This week, Elon Musk made news when he bought 10,000 industrial-grade GPUs. Now, we know a little more about what their fate will be. The billionaire may have plans to start an artificial intelligence startup to compete with OpenAI, which develops ChatGPT.
The information is from a report by the Financial Times. According to the publication, Musk would be forming a team of researchers and engineers. Some of them would have been recruited from DeepMind, the artificial intelligence company of Alphabet, which owns Google. Talks with investors would have already started, by the way.
The news comes after Business Insider reveal that Musk bought 10,000 GPUs from Nvidia. Devices are a crucial part of training artificial intelligence.
It was believed that Twitter would be the “house” of AI development, with applications in the ad business and search. Even if model building takes place in a separate startup, social network data would be used to train the technology.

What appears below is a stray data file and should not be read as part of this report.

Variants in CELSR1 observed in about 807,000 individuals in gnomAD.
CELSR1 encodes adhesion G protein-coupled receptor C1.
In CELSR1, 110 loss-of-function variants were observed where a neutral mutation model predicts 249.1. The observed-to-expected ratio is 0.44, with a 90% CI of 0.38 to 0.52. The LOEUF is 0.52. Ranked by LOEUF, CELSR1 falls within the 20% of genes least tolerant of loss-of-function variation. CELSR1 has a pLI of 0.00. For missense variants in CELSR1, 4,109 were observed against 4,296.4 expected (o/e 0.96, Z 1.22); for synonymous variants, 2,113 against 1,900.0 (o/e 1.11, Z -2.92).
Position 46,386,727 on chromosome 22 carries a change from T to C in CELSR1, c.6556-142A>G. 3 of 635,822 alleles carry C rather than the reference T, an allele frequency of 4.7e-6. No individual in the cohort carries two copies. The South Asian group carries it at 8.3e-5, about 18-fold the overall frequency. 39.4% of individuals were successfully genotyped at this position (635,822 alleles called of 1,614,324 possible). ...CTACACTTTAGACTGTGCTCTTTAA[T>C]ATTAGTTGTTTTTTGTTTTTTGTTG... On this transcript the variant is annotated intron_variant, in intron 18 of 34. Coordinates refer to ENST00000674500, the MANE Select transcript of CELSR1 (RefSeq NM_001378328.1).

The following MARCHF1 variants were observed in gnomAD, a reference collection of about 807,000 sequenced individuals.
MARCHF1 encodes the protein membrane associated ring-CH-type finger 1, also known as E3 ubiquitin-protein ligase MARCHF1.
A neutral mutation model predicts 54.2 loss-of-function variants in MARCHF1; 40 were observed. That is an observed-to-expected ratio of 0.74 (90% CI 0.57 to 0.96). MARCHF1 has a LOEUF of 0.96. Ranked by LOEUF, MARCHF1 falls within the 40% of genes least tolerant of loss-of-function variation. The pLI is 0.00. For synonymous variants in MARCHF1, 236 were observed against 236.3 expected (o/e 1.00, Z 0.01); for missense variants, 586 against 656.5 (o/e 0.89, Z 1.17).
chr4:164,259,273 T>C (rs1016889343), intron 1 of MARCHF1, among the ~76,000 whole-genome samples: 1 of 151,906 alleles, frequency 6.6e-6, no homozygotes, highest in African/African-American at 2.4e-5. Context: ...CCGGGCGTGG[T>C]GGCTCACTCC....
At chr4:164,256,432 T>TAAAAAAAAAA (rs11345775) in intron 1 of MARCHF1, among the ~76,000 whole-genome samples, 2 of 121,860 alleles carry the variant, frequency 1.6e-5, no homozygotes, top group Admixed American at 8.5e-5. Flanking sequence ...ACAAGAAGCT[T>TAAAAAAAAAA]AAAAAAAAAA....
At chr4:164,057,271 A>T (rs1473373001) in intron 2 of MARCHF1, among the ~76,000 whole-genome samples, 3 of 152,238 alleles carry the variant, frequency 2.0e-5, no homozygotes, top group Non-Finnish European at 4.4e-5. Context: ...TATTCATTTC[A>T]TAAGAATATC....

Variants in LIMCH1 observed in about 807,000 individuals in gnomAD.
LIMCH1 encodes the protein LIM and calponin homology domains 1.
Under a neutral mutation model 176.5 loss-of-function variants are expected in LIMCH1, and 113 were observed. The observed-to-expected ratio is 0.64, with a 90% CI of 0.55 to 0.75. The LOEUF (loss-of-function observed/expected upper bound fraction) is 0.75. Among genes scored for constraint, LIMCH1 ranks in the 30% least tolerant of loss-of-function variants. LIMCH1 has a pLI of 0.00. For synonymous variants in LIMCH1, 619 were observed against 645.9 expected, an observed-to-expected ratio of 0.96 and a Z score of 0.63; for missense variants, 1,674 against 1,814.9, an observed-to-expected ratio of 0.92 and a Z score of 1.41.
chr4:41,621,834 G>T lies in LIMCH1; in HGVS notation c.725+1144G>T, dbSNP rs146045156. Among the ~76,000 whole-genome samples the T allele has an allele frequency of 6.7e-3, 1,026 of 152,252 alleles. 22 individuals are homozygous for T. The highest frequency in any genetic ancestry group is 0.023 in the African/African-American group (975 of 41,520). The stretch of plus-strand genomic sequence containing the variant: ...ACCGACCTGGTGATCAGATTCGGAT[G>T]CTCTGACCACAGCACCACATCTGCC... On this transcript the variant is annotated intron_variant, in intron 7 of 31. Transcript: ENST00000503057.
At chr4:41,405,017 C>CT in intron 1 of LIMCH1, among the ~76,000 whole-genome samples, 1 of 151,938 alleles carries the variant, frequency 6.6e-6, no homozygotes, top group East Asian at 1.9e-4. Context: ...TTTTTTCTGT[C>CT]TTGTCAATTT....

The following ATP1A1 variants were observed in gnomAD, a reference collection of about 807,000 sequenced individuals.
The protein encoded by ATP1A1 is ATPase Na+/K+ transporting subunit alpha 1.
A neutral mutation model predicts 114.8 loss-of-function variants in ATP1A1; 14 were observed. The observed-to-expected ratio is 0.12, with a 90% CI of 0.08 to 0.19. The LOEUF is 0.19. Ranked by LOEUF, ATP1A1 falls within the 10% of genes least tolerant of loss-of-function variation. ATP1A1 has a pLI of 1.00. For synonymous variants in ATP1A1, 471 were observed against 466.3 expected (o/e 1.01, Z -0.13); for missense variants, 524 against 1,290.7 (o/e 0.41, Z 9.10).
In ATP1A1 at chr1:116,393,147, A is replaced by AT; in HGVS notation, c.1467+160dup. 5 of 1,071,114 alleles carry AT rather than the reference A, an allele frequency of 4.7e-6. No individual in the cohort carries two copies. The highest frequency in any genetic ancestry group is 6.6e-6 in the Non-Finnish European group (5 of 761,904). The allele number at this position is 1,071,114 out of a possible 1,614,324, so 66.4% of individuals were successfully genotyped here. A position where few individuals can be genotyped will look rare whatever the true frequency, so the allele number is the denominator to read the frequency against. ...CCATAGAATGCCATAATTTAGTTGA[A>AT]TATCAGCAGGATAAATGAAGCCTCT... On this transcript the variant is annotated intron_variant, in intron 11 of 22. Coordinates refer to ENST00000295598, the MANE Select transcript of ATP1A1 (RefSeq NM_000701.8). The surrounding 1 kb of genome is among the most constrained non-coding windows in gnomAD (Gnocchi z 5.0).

In an interview with BBCthe CEO of Tesla, SpaceX and Twitter said only that “it seems like everyone is buying GPUs today (…) Twitter and Tesla sure are buying GPUs”.
Musk was once an investor in OpenAI
News of Musk’s newest move towards artificial intelligence was met with a dose of sarcasm.
After all, less than a month ago, he spearheaded the publication of an open letter calling for a six-month pause in the development of technologies more powerful than GPT-4.
No company responded to the request. Sam Altman, CEO of OpenAI, said this Friday (14) that the document left out some “technical details” and that it wasn’t the best way to address a legitimate concern about the security of these models.
Musk is one of the co-founders of OpenAI, still as a non-profit institution. According to a report published in March 2023, the billionaire tried to take control of the organization in 2018, but was rejected.
Since then, he has distanced himself from her and stopped making investments. This may have been crucial in the decision to start a limited profit company linked to the organization, which had Microsoft as its main investor.
With information: CNBC, TechCrunch